CANYON//SRAM Racing will start at the Giro Rosa on Friday 1 July with a six rider team. Newly crowned Italian road champion Elena Cecchini and German time trial champion Trixi Worrack will be supported by Tiffany Cromwell, Alexis Ryan, Alena Amialiusik and 2015 stage winner Barbara Guarischi.
The opening 2km prologue in Gaiarine on Friday evening will allow Worrack to show off her new German time trial stripes and see the first Maglia Rosa jersey awarded. Traditionally the Giro Rosa is the hilliest stage race on the women’s calendar however the 2016 edition has provided profiles that will keep both sprinters and climbers happy.
The first four stages have bunch sprint potential and without doubt Guarischi will be looking to take another victory as she did on stage one in 2015. As the days tick over, the Giro Rosa moves to hillier terrain and it does so in earnest. Stage five has the Mortirolo, considered one of the toughest climbs in Italy, with an average of 10.5% over 12km. Despite its formidable profile, we can recall in 2012 former sprinter Ina-Yoko Teutenberg went over the top of the Mortirolo in a breakaway of climbers which should give the sprinters some hope on the Passo di Mortirolo.
A stage seven time trial, although flat, has the potential to make a late shake up to the general classification. While stage nine in Verbania with a 5km Category 2 climb could see an exciting change of the Maglia Rosa on the final day of racing.
But as Cromwell tells us, the Giro Rosa is always full of surprises. “I think it will be an interesting race. Maybe different to usual with the Rio Olympics not so far away. People using it as last hit out before versus really killing themselves for the overall. I think it will be a hard and aggressive race but there’s a nice balance of stages this year with different opportunities for climbers, sprinters, and in-betweeners.”
The 27th edition of the ten-day stage race, now part of the prestigious UCI Women’s WorldTour will see teams line up with six riders instead of the traditional eight. Cromwell believes this will only have a small impact on the race.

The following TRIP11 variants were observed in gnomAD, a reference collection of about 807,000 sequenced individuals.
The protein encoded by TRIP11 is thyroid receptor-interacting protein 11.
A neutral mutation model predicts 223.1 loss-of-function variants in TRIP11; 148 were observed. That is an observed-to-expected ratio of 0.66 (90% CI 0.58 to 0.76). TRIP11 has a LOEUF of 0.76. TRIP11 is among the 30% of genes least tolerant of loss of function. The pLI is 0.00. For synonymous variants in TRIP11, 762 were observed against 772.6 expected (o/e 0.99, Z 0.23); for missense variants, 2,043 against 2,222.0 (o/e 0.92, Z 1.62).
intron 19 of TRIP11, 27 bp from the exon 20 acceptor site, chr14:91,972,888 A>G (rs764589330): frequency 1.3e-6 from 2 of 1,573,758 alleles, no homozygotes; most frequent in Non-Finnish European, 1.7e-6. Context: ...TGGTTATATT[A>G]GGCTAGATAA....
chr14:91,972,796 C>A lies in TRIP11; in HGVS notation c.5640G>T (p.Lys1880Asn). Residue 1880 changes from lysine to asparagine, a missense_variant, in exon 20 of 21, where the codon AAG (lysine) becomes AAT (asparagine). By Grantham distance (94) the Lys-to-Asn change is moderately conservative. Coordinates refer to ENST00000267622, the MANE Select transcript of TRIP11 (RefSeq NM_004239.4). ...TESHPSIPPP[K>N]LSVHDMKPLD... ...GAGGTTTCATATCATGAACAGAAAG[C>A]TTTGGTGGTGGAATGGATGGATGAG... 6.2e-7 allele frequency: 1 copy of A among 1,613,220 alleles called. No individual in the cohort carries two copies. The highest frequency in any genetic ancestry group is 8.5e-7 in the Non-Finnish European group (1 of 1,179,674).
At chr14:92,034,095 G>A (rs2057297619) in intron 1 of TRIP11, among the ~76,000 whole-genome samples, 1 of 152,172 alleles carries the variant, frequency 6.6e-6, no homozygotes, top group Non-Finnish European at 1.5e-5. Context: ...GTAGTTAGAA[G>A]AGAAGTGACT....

“It won’t make a huge difference. It’ll be harder for teams to look after the pink jersey as they won’t have so many riders to help look after it day after day. With ten days and eight riders it was okay if you lose some riders but with only six and you get more tired and lose riders as the race goes on it’s going to be tougher. However, at every other race we have just six riders so we’re used to racing with that many in a team.”
Cromwell, who won a stage in 2012 after launching a solo move just 20km in to the 120km stage says she will be looking for similar opportunistic stages. “I certainly want to target a stage win here. It’s been a long time since I’ve won a bike race and I feel I’m in the right head space and my condition is good. I haven’t studied the stages enough yet but I’ll look over them and pick out ones that suit me. The beauty of the Giro Rosa is there’s always surprises and opportunities. When I won my stage on paper before the race we thought it’d be a bunch sprint and look what happened. So I’ll take it as it comes and get the feeling when I think it’s the right stage to have a crack.”
Racing her ninth Giro Rosa, Cromwell has a love/hate relationship with the most famous Italian stage race for women. “Love because I have a few special memories here. I’ve had a stage win, I have been on the podium two years with strong overall results, and some time in the mountain jersey. I’ve had good results in the Giro and I always come out of it well and usually have a strong end of the season.”
“The hate aspect is, if you’re not going well there’s no hiding. Even in grupetto the days are still long and hard at the back. I’ve had years where I’ve spent the whole time fighting and not going well. Add the long transfers and everything else it can take its toll. But it’s a beautiful race and the Italians are passionate fans.”